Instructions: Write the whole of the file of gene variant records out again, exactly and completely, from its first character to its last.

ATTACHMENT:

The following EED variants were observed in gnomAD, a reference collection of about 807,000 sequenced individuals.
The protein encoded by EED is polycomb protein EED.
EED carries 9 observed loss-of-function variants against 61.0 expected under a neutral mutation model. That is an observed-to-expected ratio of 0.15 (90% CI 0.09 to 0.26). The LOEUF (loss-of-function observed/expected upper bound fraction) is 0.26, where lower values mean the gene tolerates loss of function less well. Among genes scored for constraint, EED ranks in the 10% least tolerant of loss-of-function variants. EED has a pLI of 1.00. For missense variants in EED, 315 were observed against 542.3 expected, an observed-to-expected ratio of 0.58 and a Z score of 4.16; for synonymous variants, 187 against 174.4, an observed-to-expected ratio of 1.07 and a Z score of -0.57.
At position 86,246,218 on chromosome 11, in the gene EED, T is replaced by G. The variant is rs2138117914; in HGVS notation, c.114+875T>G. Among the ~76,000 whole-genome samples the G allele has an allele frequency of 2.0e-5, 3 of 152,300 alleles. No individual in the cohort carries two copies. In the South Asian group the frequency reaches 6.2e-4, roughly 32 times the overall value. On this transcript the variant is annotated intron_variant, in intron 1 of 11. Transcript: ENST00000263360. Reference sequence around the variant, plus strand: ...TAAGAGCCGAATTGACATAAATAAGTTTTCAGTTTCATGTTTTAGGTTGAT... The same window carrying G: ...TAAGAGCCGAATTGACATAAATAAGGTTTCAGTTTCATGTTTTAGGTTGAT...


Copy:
The following EED variants were observed in gnomAD, a reference collection of about 807,000 sequenced individuals.
The protein encoded by EED is polycomb protein EED.
EED carries 9 observed loss-of-function variants against 61.0 expected under a neutral mutation model. That is an observed-to-expected ratio of 0.15 (90% CI 0.09 to 0.26). The LOEUF (loss-of-function observed/expected upper bound fraction) is 0.26, where lower values mean the gene tolerates loss of function less well. Among genes scored for constraint, EED ranks in the 10% least tolerant of loss-of-function variants. EED has a pLI of 1.00. For missense variants in EED, 315 were observed against 542.3 expected, an observed-to-expected ratio of 0.58 and a Z score of 4.16; for synonymous variants, 187 against 174.4, an observed-to-expected ratio of 1.07 and a Z score of -0.57.
At position 86,246,218 on chromosome 11, in the gene EED, T is replaced by G. The variant is rs2138117914; in HGVS notation, c.114+875T>G. Among the ~76,000 whole-genome samples the G allele has an allele frequency of 2.0e-5, 3 of 152,300 alleles. No individual in the cohort carries two copies. In the South Asian group the frequency reaches 6.2e-4, roughly 32 times the overall value. On this transcript the variant is annotated intron_variant, in intron 1 of 11. Transcript: ENST00000263360. Reference sequence around the variant, plus strand: ...TAAGAGCCGAATTGACATAAATAAGTTTTCAGTTTCATGTTTTAGGTTGAT... The same window carrying G: ...TAAGAGCCGAATTGACATAAATAAGGTTTCAGTTTCATGTTTTAGGTTGAT...